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The Penn State chapter of Supporting Women in Geography (SWIG) is sponsoring a workshop on applying for Doctoral Dissertation Research Improvement (DDRI) awards from the National Science Foundation. This workshop can be specifically helpful to students applying for DDRIs from Geography and Social Sciences Program (GSS), but will also provide tips and pointers helpful to any student applying for NSF funding.
Space is limited. To ensure we can accommodate you and provide enough refreshments, register using this online form by March 17, 2017.
Antoinette WinklerPrins, the NSF Program Director of Geography and Spatial Sciences (GSS) DDRI, will lead this workshop.
WinklerPrins is an adjunct faculty at Johns Hopkins University. She holds a PhD in geography, with a minor in soil science, from the University of Wisconsin-Madison, and a master’s degree in urban planning from the University of Michigan. She was a post-doc at ITC-Faculty of Geo-Information Science and Earth Observation, in Enschede, The Netherlands. She was also a consultant for IPAM-Projecto Várzea in Santarém, Brazil and has held a visiting scholar position in the Department of Environmental Geography at UNAM-Morélia in Mexico.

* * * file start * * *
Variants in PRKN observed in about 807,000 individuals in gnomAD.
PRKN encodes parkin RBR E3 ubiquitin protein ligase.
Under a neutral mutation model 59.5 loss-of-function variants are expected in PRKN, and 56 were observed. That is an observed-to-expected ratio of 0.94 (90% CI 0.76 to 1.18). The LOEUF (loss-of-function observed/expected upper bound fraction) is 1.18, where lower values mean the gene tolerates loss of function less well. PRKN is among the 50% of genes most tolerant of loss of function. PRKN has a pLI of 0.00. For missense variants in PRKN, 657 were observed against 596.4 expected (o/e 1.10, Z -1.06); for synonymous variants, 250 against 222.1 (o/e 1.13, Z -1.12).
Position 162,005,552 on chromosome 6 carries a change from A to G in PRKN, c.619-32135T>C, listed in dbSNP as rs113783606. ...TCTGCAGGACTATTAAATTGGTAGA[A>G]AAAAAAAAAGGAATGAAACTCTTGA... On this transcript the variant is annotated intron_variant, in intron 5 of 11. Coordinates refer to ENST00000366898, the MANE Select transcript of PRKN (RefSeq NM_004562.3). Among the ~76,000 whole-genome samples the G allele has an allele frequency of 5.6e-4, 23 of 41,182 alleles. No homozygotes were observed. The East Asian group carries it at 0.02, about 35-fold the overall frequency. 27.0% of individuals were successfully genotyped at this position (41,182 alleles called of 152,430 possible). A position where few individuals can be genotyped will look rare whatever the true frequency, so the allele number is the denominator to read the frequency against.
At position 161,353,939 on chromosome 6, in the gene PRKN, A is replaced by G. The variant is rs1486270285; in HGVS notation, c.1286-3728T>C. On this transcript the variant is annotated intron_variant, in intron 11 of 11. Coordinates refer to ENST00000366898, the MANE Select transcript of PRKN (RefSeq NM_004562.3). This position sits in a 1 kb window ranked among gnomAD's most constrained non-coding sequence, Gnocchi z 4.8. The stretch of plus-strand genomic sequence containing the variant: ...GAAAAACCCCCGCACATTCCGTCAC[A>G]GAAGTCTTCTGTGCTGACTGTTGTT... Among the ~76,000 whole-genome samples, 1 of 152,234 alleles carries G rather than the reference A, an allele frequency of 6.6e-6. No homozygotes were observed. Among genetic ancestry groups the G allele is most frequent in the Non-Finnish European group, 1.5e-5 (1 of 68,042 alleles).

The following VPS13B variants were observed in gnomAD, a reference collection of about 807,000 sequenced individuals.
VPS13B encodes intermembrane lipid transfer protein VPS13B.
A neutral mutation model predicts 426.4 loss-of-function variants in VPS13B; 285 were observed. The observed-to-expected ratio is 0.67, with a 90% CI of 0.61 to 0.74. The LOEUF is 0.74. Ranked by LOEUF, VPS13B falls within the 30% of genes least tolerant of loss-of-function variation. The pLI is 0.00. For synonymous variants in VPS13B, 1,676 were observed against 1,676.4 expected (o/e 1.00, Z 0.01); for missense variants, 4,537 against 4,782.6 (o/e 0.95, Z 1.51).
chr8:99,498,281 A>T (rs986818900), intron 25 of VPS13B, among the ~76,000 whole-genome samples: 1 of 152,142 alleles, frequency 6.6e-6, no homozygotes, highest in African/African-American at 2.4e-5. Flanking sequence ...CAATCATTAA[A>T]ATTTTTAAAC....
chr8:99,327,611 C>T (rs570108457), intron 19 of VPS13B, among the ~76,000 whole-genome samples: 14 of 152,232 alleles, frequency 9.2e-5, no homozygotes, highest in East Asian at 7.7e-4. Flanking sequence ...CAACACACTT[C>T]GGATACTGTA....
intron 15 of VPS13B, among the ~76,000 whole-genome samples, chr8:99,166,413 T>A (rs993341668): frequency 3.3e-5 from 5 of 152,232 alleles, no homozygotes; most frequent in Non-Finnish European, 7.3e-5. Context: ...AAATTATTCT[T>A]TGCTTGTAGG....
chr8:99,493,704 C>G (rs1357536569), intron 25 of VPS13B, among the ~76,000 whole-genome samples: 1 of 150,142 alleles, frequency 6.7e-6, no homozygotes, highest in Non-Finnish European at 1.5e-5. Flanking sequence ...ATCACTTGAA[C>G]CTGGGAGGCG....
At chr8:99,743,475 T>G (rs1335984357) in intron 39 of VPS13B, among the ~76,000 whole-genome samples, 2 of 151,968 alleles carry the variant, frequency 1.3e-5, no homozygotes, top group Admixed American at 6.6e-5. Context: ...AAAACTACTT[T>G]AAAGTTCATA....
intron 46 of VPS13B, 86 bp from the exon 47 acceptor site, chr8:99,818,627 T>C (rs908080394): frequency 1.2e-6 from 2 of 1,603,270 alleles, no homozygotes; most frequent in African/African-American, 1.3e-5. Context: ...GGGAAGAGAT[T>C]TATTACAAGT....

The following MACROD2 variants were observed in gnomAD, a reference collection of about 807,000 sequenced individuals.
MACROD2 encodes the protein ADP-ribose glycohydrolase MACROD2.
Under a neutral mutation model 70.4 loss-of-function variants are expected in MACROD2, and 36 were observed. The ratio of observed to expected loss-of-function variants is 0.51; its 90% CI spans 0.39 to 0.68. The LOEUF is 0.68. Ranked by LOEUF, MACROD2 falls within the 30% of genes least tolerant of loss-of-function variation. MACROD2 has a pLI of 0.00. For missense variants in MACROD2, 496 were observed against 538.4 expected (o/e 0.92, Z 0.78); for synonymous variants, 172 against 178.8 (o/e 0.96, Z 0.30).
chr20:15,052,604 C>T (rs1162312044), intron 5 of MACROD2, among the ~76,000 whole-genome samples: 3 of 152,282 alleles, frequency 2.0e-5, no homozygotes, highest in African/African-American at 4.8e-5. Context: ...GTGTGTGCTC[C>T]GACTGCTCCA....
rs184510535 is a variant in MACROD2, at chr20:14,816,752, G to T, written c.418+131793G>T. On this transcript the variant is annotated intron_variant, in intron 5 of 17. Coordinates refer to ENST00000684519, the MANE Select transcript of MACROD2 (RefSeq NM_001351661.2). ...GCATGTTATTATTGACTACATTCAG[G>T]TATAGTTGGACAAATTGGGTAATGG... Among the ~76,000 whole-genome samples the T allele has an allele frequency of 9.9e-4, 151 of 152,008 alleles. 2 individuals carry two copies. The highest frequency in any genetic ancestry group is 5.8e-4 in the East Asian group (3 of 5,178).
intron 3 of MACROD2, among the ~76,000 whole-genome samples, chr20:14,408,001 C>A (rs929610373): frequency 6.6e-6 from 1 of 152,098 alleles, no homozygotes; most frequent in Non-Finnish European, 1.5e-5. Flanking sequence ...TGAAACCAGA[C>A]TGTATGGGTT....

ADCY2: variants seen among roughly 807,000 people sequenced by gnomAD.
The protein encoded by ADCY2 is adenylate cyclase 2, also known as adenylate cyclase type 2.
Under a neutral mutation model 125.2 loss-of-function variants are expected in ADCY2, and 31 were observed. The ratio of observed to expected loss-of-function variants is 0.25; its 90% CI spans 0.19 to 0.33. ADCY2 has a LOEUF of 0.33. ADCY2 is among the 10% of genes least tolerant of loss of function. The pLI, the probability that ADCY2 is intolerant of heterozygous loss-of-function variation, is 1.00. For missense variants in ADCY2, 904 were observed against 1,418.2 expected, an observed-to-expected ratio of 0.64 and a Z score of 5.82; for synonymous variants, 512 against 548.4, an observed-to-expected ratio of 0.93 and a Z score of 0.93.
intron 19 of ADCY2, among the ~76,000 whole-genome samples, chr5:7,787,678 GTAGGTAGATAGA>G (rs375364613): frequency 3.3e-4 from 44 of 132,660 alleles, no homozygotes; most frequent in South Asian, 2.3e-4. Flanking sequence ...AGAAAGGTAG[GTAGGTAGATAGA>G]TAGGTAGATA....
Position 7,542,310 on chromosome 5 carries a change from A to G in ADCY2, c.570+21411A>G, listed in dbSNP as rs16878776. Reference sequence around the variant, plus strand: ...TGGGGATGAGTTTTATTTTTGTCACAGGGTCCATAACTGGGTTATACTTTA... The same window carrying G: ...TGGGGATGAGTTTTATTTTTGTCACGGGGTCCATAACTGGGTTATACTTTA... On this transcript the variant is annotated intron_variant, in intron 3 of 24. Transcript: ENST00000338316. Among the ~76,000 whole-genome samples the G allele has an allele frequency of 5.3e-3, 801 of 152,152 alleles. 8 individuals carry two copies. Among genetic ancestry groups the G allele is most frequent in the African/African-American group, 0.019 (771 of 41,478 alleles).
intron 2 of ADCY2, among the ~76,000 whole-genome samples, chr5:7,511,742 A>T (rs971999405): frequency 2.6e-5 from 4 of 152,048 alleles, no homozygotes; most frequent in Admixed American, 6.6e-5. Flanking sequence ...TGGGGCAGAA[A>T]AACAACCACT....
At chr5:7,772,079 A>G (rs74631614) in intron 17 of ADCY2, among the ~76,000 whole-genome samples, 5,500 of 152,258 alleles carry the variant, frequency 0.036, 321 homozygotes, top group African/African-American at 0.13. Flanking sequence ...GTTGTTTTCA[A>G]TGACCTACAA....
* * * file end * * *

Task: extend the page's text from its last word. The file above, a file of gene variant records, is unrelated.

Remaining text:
Before working for the NSF, WinklerPrins was on the faculty of the Department of Geography at Michigan State University where she was also core faculty in the Environmental Sciences and Policy Program, the Center for Advanced Study of International Development, the Center for Latin American and Caribbean Studies, and the Center for Gender in Global Context. WinklerPrins has served as a Regional Councilor for the Association of American Geographers, has been the Chair of the Board of Directors for the Conference of Latin Americanist Geographers, and currently serves as a Councilor of the American Geographical Society.
WinklerPrins’ academic research has focused on environmental knowledge systems, smallholder agriculture, agro-biodiversity, and sustainable livelihoods in urban and rural areas of developing countries. Much of her research has been conducted in the Brazilian Amazon, but she has also been involved in research projects in Kenya, Mexico, and the U.S.A. She has investigated networks of agro-biodiversity maintenance and has looked at how Amazonian Dark Earths (fertile anthropogenic soils) were created in the past, how they may be recreated in the future, and their implication for conservation and development for the Amazon region. Supported by a grant from the National Geographic Society, and together with Mexican colleagues she analyzed changing natural resource use, sustainable management, and the resultant cultural landscapes of Baja California, Mexico. She is the editor of a new book, Global Urban Agriculture: Convergence of Theory and Practice, CABI International, 2016.
Penn State encourages qualified persons with disabilities to participate in its programs and activities. If you anticipate needing any type of accommodation or have questions about the physical access provided, please contact Angela Rogers in advance of your participation or visit.
Angela Rogers office: 814-865-2493 email: firstname.lastname@example.org